The screenplay follows the book pretty closely, but does make a few ill-advised changes. One is that in the book the two leads characters were career criminals who robbed for a living. I thought this made more sense and gave the characters a little more grounding.  I didn’t understand why a race car driver and his mechanic would suddenly be pushed to robbery, or what lead them into their fix. The robbery is executed in much too sophisticated a way for a pair of novices as they kidnap the store manager’s wife and daughter and then threaten to harm them unless the manager opens up the store’s safe. They also rig his home phone up to a tape recorder device so every time he calls home he hears the voice of the two and thinks they are still there even though they had already hit the road.  Criminals who had done this all their lives would be brazen enough not only to come up with this idea, but to also pull it off.  People with no background in robbery most likely would not.  There is also no explanation as to why they chose this store and how they planned the whole thing out, which would have helped.

Another change that was made was the addition of the Mary character.  In the book it was just the two men, which made it more gritty.  Although easy on the eyes the character serves no fundamental purpose to the story line.  All she does is have very redundant arguments with Larry that quickly become tiring.  I began to realize that these shouting matches were put in solely as filler material and it ends up getting inane.

Although I have like Peter Fonda in other films, most notably Easy Rider, I did not feel his laid back persona fit this part.  Larry is indeed a potentially interesting character as it is a person who can only find solace when he is taking extreme risks and driving real fast, but Fonda seemed unable to bring out this edginess effectively and his incessant gum chewing ends up becoming real annoying.

Vic Morrow probably gives the film’s best performance as the sheriff.  Normally the police are portrayed as bumbling idiots in this type of genre, but here they were a little more human and I liked the way that he was a bit of a non-conformist himself in the relentless way  he pursued the trio.

I also liked the attempt by the film makers to put in more realistic elements to a car chase that is never shown in most movies. One particular scene involves a pick-up truck that has nothing to do with the chase pulling out and getting side-swiped by Larry’s car.  For a minute the film becomes somber as they think they may have killed the other driver, which is good. Too many chase films always show other drivers and pedestrians miraculously getting out of the way and never being hit or injured even though in reality a lot of them probably would. The subject of seat belts also comes up, which is another pet peeve that I have with these films.  The occupants of these cars are never shown wearing them and with the stunts that they do they would all end up injured and killed without them.  They don’t wear them here either, but at least Larry does mention to Mary that she should put one on and there is also an amusing scene where a big yellow billboard stating ‘There is only one word for people that don’t wear seatbelts…STUPID’ which is shown briefly just before one of the out-of-control police cars goes careening through it.

Of course the best thing about the film and the one thing that has made this film so famous is the notorious ending, which is a downer for sure. If you consider this a spoiler then please don’t read any further, but the truth is when I first saw this film many years ago I already knew it was going to have a downbeat ending, but it kept me more intrigued because I didn’t know how it would happen.  Unless you count the film’s opening shot there is no foreshadowing of it and it happens very suddenly where the victims end up not knowing what hit them, which is also realistic.  Personally I loved it and most other viewers seem to also.  Too many chase movies have the good guys being able to escape one close call after another when in reality the odds will catch up with you sooner or later and with this film that is what happens, which in some ways can be considered ‘refreshing’. The scene is captured well and features one of the best explosions I have seen and without any of that tacky computerized special effects. I also liked the way the film ends very abruptly after it happens without any denouncement.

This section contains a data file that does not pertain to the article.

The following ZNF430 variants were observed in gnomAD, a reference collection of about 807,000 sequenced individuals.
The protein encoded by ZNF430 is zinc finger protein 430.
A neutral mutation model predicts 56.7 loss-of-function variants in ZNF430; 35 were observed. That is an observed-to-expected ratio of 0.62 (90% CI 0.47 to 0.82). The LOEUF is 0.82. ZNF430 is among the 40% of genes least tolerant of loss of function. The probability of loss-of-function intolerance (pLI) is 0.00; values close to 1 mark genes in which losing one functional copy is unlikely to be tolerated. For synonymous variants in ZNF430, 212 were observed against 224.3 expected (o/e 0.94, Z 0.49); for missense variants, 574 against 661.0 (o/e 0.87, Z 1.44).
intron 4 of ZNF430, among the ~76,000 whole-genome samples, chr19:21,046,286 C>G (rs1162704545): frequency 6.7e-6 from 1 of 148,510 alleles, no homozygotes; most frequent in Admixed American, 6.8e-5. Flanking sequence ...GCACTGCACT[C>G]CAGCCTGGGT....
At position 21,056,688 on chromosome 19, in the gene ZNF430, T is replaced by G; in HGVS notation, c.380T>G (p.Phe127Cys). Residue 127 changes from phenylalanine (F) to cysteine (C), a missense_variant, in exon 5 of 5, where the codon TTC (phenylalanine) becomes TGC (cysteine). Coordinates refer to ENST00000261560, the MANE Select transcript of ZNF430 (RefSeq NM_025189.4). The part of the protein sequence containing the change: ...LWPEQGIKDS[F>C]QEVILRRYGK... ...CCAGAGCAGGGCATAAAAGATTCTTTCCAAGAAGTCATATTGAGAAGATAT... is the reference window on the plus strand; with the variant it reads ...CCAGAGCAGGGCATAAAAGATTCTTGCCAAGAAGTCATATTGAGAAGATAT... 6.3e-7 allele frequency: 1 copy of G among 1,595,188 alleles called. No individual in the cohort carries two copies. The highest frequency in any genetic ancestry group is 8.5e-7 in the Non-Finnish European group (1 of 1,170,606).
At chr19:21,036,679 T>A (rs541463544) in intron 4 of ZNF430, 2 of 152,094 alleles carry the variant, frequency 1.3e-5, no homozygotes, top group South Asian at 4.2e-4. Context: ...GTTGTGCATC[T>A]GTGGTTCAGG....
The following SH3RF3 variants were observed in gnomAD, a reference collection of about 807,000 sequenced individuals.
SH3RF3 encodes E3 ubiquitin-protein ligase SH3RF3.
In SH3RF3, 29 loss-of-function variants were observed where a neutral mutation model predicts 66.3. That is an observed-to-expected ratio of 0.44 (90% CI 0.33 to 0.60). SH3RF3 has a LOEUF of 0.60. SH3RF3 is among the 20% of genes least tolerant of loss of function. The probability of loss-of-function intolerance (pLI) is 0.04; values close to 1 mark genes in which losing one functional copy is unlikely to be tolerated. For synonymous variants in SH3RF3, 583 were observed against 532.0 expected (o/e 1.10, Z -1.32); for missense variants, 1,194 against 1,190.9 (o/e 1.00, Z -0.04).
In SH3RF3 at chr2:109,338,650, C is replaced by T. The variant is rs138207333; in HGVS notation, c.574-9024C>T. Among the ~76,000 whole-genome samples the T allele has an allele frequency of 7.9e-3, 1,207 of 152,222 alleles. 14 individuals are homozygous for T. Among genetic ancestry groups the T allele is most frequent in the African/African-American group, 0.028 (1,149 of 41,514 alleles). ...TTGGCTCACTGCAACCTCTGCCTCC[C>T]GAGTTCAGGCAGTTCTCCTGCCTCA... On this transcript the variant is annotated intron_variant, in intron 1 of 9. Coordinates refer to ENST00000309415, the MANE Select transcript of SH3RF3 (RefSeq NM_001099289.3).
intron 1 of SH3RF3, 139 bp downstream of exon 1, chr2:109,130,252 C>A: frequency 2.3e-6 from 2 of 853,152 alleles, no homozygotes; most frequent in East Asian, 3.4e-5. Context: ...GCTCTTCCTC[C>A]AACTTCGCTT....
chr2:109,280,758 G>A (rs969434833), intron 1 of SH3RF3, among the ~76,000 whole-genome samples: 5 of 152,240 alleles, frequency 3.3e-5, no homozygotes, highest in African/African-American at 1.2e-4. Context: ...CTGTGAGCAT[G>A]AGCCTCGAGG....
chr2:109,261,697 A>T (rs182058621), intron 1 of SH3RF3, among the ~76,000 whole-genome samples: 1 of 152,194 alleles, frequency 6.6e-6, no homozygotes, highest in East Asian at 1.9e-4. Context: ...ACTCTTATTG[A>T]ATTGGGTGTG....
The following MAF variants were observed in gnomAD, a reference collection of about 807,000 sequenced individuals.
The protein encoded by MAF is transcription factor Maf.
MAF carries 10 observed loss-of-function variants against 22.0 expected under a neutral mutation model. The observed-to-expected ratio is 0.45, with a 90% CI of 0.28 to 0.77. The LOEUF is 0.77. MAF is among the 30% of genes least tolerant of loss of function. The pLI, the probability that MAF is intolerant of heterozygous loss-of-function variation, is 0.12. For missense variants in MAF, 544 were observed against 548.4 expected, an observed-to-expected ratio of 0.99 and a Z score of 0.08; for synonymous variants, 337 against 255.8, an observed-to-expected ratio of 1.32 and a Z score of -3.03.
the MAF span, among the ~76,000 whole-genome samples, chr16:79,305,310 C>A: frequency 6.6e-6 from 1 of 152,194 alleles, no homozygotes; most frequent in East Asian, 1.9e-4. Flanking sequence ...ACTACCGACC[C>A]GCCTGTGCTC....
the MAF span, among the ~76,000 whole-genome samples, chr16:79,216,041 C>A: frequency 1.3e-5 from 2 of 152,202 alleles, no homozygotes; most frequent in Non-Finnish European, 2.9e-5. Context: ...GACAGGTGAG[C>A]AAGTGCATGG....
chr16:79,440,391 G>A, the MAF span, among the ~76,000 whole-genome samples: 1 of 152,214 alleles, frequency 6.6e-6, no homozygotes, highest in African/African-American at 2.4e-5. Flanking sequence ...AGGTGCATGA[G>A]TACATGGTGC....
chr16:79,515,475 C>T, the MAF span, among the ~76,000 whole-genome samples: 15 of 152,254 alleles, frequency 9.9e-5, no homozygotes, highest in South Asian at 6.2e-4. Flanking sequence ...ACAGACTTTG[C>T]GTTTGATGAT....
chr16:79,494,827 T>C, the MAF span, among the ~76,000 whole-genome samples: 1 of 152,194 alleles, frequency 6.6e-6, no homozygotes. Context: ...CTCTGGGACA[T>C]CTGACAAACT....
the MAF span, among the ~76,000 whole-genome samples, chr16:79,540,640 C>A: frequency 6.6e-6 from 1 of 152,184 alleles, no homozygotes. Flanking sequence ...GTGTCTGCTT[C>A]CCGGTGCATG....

Normally I argue against Hollywood remakes, but this is one instance where it would be a good thing.  One of the main problems here is the film’s low-budget.  Although I felt they captured the central California countryside nicely (it was filmed in and around Stockton) the indoor sets are quite bland and dull. A bigger budget, tighter script, and some flashy camera work could work wonders here.  Too many times Hollywood seems driven to remake films that were already good the first time and only ends up tarnishing the original instead of remaking films that didn’t quite work on the first run and trying to make them better.

My Rating: 5 out of 10

Released: May 17, 1974

Runtime: 1Hour 33Minutes

Rated PG

Director: John Hough

Studio: 20th Century Fox

Available: VHS, DVD, Amazon Instant Video

Closely Watched Trains (1966)

closely watched trains

By Richard Winters

My Rating: 7 out of 10

4-Word Review: Boy loses his virginity.

This is an engaging, amiable Czechoslovakian import that won the Academy Award for best foreign film of 1966. The story pertains to a young man named Milos (Vaclav Neckar) who follows in his father’s footsteps and gets a job at the local railway company during World War II. He almost immediately becomes bored with it and gets preoccupied with a beautiful young train conductor named Messa (Jitka Scoffin). The two have a sexual tryst, but Milos is unable to ‘rise to the occasion’.  He becomes despondent and even tries to commit suicide, but is saved at the last minute. While he is recuperating in the hospital the Dr. informs him that he suffers from premature ejaculation.  Milos then spends the rest of the time scouring the village for some prostitutes that he can ‘practice on’ so that he can learn to control his condition and become a ‘real man’.  A subplot involves plans to blow-up a German train carrying some high level ammunition.